I took the plunge and attempted to build some myself. This was my first attempt at SMD soldering using solder paste. It went much better than I had expected. I highly recommend using the stencil and solder paste method. The stencil adds some extra cost, but is well worth the investment. Electrotrain’s assembly notes on the github page give a good overview. The stencil is only needed for the side with the FPGA. For the other side applying the solder paste from the syringe or using a toothpick by hand will work well. I would recommend having a solder wick/braid on hand (with a very fine braid) even if using the stencil as 2 of my 3 boards had bridged pins on the FPGA. I found having a magnifying glass and eye loupe necessary to inspect the solder paste and finished solder joints. I would also spend some time watching the eevblog youtube videos on smd/smt reflow soldering before getting started.
I found that using the stencil was pretty forgiving. If you mess up applying the solder paste you can wipe it off and start over. When placing the parts on the solder paste some fine adjustment could be done to get it aligned correctly before pressing it down into the paste to hold it in place.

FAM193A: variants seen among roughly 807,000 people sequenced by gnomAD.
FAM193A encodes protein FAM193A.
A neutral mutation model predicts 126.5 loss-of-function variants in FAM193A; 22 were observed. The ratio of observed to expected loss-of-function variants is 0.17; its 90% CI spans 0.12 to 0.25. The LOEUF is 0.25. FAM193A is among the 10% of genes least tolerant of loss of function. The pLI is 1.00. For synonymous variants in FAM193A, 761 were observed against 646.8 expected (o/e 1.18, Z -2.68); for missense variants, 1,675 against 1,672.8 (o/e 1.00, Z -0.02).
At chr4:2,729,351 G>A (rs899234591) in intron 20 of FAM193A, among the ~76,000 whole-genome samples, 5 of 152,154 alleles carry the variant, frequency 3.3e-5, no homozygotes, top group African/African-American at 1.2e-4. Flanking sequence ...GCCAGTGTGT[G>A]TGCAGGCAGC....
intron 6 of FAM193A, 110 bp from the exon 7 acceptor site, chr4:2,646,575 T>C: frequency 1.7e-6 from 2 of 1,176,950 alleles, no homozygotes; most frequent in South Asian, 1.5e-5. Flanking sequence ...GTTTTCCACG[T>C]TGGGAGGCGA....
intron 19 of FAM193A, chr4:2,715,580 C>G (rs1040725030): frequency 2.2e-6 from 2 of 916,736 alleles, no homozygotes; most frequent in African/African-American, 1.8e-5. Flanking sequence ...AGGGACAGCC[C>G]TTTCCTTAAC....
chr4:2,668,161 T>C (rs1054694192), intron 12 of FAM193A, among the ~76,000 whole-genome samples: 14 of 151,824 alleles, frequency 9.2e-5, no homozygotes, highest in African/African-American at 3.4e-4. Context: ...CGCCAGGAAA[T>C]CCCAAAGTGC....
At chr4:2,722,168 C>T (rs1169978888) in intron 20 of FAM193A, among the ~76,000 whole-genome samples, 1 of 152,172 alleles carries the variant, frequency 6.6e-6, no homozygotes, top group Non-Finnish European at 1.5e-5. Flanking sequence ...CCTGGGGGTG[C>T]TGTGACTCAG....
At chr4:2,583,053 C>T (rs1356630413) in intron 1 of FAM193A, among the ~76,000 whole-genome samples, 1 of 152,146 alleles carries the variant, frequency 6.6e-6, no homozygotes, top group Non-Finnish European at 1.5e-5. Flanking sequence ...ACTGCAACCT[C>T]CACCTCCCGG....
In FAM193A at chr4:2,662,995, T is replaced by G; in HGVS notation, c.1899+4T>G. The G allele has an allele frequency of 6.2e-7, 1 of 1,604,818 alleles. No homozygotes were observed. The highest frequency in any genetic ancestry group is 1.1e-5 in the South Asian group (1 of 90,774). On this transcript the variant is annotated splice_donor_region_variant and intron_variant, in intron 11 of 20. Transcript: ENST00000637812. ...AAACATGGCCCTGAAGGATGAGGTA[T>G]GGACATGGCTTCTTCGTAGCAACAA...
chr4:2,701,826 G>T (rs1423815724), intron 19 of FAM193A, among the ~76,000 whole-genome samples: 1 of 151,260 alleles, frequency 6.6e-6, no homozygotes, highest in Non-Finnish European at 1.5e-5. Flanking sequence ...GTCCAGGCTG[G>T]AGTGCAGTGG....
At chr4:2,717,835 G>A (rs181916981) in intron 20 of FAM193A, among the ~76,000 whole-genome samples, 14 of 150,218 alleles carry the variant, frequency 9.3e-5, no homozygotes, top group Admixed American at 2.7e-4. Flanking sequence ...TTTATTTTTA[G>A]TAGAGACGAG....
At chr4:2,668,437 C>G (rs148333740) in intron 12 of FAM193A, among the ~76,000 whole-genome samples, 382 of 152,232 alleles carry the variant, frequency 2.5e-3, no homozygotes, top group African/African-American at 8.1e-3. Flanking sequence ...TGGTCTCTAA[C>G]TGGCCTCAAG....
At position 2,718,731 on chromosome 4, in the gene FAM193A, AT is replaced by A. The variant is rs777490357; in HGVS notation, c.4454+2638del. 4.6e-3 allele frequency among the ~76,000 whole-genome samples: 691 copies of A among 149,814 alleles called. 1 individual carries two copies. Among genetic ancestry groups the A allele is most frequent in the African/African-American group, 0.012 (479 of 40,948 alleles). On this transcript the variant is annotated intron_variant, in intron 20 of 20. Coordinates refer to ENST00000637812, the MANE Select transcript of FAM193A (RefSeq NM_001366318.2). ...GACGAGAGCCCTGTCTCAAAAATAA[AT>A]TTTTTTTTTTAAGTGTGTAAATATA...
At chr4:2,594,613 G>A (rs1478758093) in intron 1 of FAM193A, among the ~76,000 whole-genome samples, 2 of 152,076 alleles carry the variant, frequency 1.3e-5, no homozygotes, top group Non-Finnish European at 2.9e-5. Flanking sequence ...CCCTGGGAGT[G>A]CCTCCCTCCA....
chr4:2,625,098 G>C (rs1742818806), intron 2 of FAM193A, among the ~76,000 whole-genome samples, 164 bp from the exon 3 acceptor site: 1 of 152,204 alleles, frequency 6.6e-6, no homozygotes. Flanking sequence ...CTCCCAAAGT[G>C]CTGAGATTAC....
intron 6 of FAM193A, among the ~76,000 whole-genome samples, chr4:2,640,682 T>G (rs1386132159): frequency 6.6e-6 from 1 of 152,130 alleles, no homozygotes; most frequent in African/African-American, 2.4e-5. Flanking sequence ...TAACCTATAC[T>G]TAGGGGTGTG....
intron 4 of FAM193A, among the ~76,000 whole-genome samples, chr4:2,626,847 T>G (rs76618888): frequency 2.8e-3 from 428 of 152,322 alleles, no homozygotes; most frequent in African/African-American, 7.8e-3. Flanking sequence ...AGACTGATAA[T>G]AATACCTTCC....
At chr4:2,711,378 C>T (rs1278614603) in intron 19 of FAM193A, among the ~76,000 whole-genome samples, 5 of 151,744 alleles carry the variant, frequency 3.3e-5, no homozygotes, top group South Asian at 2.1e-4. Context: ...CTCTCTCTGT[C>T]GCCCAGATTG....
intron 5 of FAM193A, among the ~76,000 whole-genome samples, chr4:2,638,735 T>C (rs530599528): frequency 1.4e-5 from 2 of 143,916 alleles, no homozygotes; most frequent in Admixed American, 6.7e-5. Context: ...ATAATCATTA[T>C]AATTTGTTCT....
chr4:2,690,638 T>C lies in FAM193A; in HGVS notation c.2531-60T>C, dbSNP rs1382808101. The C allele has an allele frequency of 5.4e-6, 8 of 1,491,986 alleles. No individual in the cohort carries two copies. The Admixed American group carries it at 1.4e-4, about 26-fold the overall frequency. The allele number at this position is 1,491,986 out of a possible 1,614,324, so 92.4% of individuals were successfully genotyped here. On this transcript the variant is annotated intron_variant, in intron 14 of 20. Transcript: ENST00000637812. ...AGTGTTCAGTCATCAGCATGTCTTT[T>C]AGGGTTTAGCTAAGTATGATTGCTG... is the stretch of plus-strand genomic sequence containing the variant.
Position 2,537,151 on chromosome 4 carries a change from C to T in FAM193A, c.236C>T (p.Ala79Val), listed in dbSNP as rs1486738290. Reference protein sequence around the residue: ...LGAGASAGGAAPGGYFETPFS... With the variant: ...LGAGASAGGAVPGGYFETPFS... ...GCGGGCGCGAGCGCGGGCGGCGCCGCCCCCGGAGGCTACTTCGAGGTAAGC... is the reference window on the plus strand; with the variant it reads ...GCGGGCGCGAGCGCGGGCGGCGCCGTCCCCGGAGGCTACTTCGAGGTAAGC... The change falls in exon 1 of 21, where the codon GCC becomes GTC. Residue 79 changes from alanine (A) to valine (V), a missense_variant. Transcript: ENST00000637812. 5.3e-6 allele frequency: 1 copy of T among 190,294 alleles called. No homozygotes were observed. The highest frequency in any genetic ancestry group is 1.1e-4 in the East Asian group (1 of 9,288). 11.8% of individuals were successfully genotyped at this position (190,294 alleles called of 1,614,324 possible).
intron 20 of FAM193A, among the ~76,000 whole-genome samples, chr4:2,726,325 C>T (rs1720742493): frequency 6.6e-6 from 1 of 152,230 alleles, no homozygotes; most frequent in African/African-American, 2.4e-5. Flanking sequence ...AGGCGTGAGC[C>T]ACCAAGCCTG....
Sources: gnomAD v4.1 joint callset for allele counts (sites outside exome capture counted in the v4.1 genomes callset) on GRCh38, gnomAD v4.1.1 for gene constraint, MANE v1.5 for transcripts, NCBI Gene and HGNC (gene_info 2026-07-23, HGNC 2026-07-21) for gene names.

The PCBs, stencil, and parts to build 3 boards cost about 200 USD. All of the parts were available from Mouser.com (quick and reasonable shipping in the US at least). The PCB was easily ordered from Oshpark with the eagle .brd file. I ordered a mylar stencil from Oshstencil, again all that was needed was the eagle .brd file.
I tested operation of the oven several times with junk boards and some ebay smd breakout boards to get a feel for the operation. For the cost of a new toaster oven and the solder paste you might be able to join a local hackerspace/makerspace for access to a proper reflow oven. If they have a laser cutter you could even make the stencil there instead of ordering.
PCB in jig to hold in place
Stencil aligned over pcb and taped in place
FPGA side with paste
Close up of FPGA with paste
Bridged pins after reflow, used the cut end of solder braid to wick out the excess with soldering iron.
Closeup of FPGA and clock oscillator. Clock does not have exposed pins so need to use oven or hot air.
Front with paste applied by hand
Front with paste and parts
Front reflowed with hot air gun.
(I modified the PCB eagle file to add the pull up resistor on the SD card. In the process I deleted the power trace to the SD card. Fixed with the black jumper wire.)